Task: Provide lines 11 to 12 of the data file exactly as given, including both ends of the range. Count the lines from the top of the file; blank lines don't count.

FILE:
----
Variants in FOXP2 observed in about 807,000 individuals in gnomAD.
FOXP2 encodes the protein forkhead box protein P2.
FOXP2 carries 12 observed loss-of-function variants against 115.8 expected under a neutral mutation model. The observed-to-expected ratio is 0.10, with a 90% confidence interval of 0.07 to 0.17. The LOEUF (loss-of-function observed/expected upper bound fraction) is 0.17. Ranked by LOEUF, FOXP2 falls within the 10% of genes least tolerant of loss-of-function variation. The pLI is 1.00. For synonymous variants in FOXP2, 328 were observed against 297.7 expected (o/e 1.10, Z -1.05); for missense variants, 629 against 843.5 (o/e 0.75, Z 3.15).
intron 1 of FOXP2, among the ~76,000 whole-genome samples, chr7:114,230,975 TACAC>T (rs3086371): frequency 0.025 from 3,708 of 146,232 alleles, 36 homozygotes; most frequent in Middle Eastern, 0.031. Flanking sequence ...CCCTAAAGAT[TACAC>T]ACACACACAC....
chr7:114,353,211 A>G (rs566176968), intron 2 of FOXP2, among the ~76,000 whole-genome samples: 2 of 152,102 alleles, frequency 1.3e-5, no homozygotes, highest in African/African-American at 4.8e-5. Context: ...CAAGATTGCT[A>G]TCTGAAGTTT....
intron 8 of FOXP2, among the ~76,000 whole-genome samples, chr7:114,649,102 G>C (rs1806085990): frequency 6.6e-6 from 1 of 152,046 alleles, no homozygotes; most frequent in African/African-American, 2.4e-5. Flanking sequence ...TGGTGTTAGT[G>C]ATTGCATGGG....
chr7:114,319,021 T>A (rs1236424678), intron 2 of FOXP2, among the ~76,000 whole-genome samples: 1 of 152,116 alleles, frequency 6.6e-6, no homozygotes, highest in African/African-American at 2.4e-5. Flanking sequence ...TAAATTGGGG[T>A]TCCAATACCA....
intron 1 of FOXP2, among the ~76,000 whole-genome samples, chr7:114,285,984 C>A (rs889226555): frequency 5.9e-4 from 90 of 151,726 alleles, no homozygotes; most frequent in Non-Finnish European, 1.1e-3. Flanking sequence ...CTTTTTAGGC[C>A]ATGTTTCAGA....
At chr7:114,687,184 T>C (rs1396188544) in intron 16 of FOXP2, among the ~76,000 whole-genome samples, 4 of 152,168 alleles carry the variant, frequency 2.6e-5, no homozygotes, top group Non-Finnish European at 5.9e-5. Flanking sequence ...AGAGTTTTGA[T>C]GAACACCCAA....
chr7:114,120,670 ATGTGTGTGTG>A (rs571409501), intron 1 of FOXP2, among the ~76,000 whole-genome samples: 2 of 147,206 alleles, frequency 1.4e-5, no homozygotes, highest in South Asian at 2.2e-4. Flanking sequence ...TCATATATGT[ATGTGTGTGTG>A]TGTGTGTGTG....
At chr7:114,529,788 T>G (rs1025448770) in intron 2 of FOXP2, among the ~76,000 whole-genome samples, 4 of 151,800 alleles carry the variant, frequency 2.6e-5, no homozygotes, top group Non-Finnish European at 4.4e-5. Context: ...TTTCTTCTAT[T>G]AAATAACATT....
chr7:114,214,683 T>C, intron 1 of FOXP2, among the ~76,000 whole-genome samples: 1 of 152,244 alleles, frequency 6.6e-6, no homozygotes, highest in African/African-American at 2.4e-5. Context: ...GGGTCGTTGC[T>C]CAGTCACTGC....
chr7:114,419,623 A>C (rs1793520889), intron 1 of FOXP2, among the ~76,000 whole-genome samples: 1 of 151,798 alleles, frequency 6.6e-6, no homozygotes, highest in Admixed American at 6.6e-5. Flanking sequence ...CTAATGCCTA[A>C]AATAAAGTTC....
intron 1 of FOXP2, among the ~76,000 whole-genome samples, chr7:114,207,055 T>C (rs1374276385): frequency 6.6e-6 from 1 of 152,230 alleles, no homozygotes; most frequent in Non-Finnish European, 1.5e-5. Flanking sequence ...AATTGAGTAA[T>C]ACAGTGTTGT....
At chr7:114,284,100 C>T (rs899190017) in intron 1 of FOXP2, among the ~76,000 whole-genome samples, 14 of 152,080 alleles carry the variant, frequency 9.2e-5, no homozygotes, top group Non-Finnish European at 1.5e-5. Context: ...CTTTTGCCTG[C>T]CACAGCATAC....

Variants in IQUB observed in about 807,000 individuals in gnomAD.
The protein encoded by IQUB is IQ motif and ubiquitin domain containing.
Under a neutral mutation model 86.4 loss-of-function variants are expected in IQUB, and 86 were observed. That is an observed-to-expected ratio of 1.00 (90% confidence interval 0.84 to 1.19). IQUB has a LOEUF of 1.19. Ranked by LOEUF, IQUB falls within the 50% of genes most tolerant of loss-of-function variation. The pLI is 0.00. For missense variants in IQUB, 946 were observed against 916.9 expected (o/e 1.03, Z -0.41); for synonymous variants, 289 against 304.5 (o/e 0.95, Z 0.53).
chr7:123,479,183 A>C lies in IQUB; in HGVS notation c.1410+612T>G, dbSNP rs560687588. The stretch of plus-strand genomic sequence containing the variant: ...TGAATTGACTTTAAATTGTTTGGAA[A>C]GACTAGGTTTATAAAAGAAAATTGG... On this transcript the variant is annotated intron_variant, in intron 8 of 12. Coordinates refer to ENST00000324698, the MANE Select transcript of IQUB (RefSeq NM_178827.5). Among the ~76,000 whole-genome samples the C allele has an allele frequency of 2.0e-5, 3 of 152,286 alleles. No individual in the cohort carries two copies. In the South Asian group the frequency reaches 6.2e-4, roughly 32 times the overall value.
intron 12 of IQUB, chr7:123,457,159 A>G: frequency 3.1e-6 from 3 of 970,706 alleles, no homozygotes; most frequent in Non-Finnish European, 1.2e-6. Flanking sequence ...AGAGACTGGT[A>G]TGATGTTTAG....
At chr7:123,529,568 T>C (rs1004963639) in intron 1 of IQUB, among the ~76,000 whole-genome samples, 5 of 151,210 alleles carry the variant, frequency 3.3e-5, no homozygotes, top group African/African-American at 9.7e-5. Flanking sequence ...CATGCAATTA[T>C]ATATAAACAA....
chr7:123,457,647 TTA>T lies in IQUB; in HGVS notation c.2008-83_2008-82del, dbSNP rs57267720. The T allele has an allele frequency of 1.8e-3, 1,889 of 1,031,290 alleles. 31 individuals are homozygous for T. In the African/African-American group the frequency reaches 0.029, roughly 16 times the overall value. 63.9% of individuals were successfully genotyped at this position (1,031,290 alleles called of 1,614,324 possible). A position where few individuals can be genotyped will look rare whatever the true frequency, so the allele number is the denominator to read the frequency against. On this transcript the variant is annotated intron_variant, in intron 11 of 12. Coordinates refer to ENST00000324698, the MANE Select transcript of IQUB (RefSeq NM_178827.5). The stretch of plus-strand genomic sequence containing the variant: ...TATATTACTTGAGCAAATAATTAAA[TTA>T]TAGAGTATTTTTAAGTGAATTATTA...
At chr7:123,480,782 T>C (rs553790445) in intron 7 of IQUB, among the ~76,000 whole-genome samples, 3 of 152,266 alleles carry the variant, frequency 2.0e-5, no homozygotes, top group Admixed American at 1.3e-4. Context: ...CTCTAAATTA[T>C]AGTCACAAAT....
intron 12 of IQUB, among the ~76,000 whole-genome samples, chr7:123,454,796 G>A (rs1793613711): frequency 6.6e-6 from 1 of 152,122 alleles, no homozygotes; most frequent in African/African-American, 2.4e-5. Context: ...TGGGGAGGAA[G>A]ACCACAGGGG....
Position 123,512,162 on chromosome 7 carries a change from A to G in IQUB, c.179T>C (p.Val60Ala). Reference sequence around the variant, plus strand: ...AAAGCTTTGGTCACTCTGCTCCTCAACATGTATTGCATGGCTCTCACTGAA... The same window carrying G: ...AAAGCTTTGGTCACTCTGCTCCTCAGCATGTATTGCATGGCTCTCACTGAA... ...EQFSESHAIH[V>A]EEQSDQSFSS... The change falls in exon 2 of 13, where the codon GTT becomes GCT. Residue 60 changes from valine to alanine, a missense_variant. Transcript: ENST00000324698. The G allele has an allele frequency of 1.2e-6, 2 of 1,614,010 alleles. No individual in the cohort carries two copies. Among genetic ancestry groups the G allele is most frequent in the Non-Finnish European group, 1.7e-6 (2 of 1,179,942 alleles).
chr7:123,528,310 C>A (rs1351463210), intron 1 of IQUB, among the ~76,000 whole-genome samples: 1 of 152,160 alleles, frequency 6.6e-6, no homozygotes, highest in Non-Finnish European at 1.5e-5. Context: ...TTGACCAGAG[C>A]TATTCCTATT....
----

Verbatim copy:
At chr7:114,529,788 T>G (rs1025448770) in intron 2 of FOXP2, among the ~76,000 whole-genome samples, 4 of 151,800 alleles carry the variant, frequency 2.6e-5, no homozygotes, top group Non-Finnish European at 4.4e-5. Context: ...TTTCTTCTAT[T>G]AAATAACATT....
chr7:114,214,683 T>C, intron 1 of FOXP2, among the ~76,000 whole-genome samples: 1 of 152,244 alleles, frequency 6.6e-6, no homozygotes, highest in African/African-American at 2.4e-5. Context: ...GGGTCGTTGC[T>C]CAGTCACTGC....